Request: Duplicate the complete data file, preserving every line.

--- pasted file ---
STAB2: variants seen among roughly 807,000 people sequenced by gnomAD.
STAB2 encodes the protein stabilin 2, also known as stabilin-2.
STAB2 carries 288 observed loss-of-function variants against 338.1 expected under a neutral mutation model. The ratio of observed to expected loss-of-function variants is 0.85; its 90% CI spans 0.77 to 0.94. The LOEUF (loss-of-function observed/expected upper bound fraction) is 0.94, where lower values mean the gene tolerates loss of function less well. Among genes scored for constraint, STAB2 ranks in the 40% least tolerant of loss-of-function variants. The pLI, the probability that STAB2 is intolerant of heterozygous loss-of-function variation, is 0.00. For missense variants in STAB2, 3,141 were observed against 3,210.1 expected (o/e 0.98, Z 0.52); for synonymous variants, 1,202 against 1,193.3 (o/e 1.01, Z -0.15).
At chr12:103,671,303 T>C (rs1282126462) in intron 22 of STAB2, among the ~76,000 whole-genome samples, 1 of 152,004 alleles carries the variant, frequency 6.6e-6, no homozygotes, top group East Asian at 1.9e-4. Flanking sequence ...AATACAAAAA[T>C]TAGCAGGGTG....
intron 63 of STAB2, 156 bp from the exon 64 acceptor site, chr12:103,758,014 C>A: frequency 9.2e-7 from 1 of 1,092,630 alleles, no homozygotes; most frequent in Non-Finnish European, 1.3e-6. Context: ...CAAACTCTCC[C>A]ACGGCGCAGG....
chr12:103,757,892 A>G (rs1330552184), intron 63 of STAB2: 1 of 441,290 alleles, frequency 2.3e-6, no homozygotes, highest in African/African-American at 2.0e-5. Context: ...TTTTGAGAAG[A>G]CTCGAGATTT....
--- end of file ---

STAB2: variants seen among roughly 807,000 people sequenced by gnomAD.
STAB2 encodes the protein stabilin 2, also known as stabilin-2.
STAB2 carries 288 observed loss-of-function variants against 338.1 expected under a neutral mutation model. The ratio of observed to expected loss-of-function variants is 0.85; its 90% CI spans 0.77 to 0.94. The LOEUF (loss-of-function observed/expected upper bound fraction) is 0.94, where lower values mean the gene tolerates loss of function less well. Among genes scored for constraint, STAB2 ranks in the 40% least tolerant of loss-of-function variants. The pLI, the probability that STAB2 is intolerant of heterozygous loss-of-function variation, is 0.00. For missense variants in STAB2, 3,141 were observed against 3,210.1 expected (o/e 0.98, Z 0.52); for synonymous variants, 1,202 against 1,193.3 (o/e 1.01, Z -0.15).
At chr12:103,671,303 T>C (rs1282126462) in intron 22 of STAB2, among the ~76,000 whole-genome samples, 1 of 152,004 alleles carries the variant, frequency 6.6e-6, no homozygotes, top group East Asian at 1.9e-4. Flanking sequence ...AATACAAAAA[T>C]TAGCAGGGTG....
intron 63 of STAB2, 156 bp from the exon 64 acceptor site, chr12:103,758,014 C>A: frequency 9.2e-7 from 1 of 1,092,630 alleles, no homozygotes; most frequent in Non-Finnish European, 1.3e-6. Context: ...CAAACTCTCC[C>A]ACGGCGCAGG....
chr12:103,757,892 A>G (rs1330552184), intron 63 of STAB2: 1 of 441,290 alleles, frequency 2.3e-6, no homozygotes, highest in African/African-American at 2.0e-5. Context: ...TTTTGAGAAG[A>G]CTCGAGATTT....